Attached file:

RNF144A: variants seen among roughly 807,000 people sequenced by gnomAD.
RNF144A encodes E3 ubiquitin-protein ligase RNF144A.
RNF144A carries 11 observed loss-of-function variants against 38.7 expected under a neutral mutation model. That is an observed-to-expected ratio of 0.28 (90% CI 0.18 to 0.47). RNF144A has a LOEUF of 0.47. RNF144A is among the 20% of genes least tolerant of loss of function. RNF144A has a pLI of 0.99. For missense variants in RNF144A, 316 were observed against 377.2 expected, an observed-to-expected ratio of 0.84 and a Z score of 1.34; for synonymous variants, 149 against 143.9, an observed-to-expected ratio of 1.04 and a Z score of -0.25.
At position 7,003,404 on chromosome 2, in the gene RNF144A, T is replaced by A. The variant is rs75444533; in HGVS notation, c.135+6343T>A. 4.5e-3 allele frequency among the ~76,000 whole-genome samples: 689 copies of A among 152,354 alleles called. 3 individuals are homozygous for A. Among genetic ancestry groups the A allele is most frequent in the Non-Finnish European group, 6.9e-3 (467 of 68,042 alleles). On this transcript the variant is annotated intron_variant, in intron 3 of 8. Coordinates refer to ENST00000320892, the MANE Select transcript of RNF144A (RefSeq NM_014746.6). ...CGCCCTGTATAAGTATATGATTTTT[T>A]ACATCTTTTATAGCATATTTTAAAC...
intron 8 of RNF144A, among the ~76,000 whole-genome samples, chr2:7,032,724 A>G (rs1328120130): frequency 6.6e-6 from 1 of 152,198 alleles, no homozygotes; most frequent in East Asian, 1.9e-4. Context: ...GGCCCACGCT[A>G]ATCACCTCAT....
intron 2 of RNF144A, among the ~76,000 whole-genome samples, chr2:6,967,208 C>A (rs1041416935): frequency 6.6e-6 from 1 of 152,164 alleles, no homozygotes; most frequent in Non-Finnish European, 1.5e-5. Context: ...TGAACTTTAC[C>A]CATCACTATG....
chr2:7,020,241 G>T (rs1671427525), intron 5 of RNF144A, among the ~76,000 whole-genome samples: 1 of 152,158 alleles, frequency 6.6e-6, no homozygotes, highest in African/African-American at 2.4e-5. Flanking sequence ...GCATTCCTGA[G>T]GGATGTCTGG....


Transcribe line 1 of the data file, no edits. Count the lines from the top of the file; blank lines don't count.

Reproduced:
RNF144A: variants seen among roughly 807,000 people sequenced by gnomAD.